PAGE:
Clare Militia

The Clare Militia was a British militia regiment from 1798 to 1909. It was based in County Clare (now in the Republic of Ireland). At first an infantry unit, it was converted to artillery in 1882, making it the last artillery militia unit raised in the British forces. It was disbanded in 1909.

Clare Militia
Clare Artillery
Country Kingdom of Great Britain (1793–1801)
 United Kingdom (1801–1909)
BranchFlag of the British Army.svg Militia
TypeInfantry (1793–1882)
Artillery (1882–1909)

Clare MilitiaEdit

The Clare Militia was raised as an infantry regiment at Clarecastle, Ennis, in 1793. Its headquarters remained at Ennis throughout its existence.[1][2]

The United Kingdom Militia was revived by the Militia Act of 1852, enacted during a period of international tension. As before, units were raised and administered on a county basis, and filled by voluntary enlistment (although conscription by means of the Militia Ballot might be used if the counties failed to meet their quotas). Training was for 56 days on enlistment, then for 21–28 days per year, during which the men received full army pay. Under the Act, Militia units could be embodied by Royal Proclamation for full-time home defence service in three circumstances:[3][4][5][6]

  • 1. 'Whenever a state of war exists between Her Majesty and any foreign power'.
  • 2. 'In all cases of invasion or upon imminent danger thereof'.
  • 3. 'In all cases of rebellion or insurrection'.

Following the Cardwell Reforms a mobilisation scheme began to appear in the Army List from December 1875. This assigned Regular and Militia units to places in an order of battle of corps, divisions and brigades for the 'Active Army', even though these formations were entirely theoretical, with no staff or services assigned. The Clare Militia were assigned to 2nd Brigade of 1st Division, VI Army Corps. The brigade would have mustered at Conway in North Wales in time of war.[7]

Under the Childers Reforms, which came into effect on 1 July 1881, the battalion was scheduled to become 3rd Bn Royal Munster Fusiliers; in March 1882 it began to amalgamate with the South Cork Militia to form this battalion, However, a month later the Clare Militia was instead converted to artillery as 7th Brigade, South Irish Division, Royal Artillery on 1 April 1882. This was the last Militia Artillery unit ever formed by the British Home forces.[1][2][8]

Clare ArtilleryEdit

On 1 July 1889 the South Irish Division of the Royal Artillery was abolished and the unit became the Clare Artillery (Southern Division RA).[1][2]

Between 19 February and 16 November 1900 the unit was embodied for the Second Boer War. In 1902 it was renamed The Clare Artillery, Royal Garrison Artillery (Militia).[1][2]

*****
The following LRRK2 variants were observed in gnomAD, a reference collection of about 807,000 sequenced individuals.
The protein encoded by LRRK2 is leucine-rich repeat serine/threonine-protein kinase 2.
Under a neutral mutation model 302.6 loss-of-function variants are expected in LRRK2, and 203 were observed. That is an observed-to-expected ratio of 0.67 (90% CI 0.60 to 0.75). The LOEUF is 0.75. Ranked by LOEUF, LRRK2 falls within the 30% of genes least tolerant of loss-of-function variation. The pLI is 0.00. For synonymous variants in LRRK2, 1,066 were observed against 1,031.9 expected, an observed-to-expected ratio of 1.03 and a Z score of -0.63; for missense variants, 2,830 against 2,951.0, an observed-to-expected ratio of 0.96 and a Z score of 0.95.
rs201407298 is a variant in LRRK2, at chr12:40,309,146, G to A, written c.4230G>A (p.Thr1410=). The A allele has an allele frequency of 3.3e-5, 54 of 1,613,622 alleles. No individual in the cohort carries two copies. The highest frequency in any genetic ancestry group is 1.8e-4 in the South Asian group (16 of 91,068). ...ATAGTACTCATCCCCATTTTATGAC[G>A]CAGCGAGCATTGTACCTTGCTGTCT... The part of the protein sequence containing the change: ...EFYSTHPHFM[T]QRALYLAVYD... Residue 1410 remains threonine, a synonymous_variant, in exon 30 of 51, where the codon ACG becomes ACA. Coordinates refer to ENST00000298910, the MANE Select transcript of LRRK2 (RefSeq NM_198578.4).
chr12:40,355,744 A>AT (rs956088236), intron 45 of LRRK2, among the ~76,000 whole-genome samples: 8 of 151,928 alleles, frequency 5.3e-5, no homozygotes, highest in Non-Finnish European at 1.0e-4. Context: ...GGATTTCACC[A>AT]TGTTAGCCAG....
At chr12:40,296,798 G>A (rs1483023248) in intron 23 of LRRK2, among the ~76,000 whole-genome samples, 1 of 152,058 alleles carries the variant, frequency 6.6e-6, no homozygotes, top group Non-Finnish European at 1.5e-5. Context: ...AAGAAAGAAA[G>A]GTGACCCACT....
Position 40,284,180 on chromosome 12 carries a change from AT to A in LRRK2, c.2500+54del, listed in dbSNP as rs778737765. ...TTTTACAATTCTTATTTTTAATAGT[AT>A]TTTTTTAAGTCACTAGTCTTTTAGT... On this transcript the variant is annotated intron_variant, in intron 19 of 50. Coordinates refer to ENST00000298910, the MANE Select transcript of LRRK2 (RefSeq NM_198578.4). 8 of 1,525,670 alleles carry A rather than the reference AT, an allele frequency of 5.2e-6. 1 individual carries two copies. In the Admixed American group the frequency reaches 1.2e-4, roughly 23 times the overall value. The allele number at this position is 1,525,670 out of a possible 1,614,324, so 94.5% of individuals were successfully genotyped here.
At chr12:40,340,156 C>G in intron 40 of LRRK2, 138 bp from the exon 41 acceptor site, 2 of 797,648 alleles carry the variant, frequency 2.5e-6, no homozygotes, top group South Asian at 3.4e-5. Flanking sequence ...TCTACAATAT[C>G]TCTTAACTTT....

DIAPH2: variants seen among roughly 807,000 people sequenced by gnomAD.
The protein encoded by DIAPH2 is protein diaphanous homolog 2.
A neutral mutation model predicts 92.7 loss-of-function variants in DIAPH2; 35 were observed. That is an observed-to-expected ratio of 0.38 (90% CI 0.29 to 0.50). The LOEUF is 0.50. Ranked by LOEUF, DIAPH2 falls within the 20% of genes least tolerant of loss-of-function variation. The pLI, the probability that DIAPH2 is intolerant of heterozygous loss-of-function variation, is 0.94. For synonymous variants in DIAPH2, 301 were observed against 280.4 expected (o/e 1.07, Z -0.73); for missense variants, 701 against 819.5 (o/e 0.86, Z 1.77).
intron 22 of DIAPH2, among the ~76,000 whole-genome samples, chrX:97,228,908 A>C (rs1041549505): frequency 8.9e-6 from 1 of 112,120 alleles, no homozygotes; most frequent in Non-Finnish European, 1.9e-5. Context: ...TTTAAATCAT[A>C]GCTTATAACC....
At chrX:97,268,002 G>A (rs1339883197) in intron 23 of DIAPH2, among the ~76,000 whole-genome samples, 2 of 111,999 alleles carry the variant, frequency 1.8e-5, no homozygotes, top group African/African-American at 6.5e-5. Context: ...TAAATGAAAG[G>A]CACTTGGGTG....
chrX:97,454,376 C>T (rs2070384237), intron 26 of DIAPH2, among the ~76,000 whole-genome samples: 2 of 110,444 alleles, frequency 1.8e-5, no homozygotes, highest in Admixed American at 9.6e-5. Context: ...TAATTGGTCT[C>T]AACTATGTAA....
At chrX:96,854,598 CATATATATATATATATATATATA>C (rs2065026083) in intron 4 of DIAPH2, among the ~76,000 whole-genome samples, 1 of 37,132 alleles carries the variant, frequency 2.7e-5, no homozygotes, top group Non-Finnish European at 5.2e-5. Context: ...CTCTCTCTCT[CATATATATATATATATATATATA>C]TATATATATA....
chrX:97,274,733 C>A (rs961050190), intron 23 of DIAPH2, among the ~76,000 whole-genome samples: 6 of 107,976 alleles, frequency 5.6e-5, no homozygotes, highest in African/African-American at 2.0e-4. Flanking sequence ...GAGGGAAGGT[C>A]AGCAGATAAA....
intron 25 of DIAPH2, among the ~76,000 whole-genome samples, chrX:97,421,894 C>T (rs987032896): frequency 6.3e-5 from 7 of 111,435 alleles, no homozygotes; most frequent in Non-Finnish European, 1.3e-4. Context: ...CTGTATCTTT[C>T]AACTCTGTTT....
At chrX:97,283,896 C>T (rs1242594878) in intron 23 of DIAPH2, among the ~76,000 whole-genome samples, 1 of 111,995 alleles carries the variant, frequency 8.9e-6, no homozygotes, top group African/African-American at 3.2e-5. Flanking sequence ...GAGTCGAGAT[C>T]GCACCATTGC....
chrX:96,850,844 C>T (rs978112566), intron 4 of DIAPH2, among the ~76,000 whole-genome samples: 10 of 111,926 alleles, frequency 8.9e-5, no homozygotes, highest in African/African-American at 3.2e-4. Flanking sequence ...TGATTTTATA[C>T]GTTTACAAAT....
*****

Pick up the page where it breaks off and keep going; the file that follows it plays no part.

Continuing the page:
After the Boer War, the future of the Militia was called into question. There were moves to reform all the Auxiliary Forces (Militia, Yeomanry and Volunteers) to take their place in the six Army corps proposed by St John Brodrick as Secretary of State for War. For this, some batteries of Militia Artillery were to be converted to field artillery. However, little of Brodrick's scheme was carried out.[9][10]

Under the more sweeping Haldane Reforms of 1908, the Militia was replaced by the Special Reserve, a semi-professional force whose role was to provide reinforcement drafts for Regular units serving overseas in wartime. Although the Clare RGA (M) transferred to the Special Reserve Royal Field Artillery on 31 May 1908 (taking the title Clare Royal Field Reserve Artillery), it was disbanded in 1909.[1][2][3][11][12][13]


  1. ^ a b c d e Frederick, pp. 983–5.
  2. ^ a b c d e Litchfield, pp. 54–5.
  3. ^ a b Litchfield, pp. 1–7.
  4. ^ Dunlop, pp. 42–5.
  5. ^ Grierson, pp. 27–8.
  6. ^ Spiers, Army & Society, pp. 91–2.
  7. ^ Army List, various dates.
  8. ^ Frederick, p. 275.
  9. ^ Dunlop, pp. 131–40, 158-62.
  10. ^ Spiers, Army & Society, pp. 243–2, 254.
  11. ^ Dunlop, pp. 270–2.
  12. ^ Spiers, Army & Society, pp. 275–7.
  13. ^ Litchfield, Appendix 8.


  • Beckett, Ian F W (2011). Britain's Part Time Soldiers. The Amateur Military Tradition 1558—1945 (2 ed.). Barnsley: Pen & Sword. ISBN 9781848843950.
  • Col John K. Dunlop, The Development of the British Army 1899–1914, London: Methuen, 1938.
  • J.B.M. Frederick, Lineage Book of British Land Forces 1660–1978, Vol II, Wakefield: Microform Academic, 1984, ISBN 1-85117-009-X.
  • Lt-Col James Moncrieff Grierson (Col Peter S. Walton, ed.), Scarlet into Khaki: The British Army on the Eve of the Boer War, London: Sampson Low, 1899/London: Greenhill, 1988, ISBN 0-947898-81-6.
  • Hay, George Jackson (Colonel) (1987) [1908]. An Epitomized History of the Militia (The "Constitutional Force"). Ray Westlake Military Books. ISBN 0-9508530-7-0.
  • Norman E.H. Litchfield, The Militia Artillery 1852–1909 (Their Lineage, Uniforms and Badges), Nottingham: Sherwood Press, 1987, ISBN 0-9508205-1-2.
  • Edward M. Spiers, The Army and Society 1815–1914, London: Longmans, 1980, ISBN 0-582-48565-7.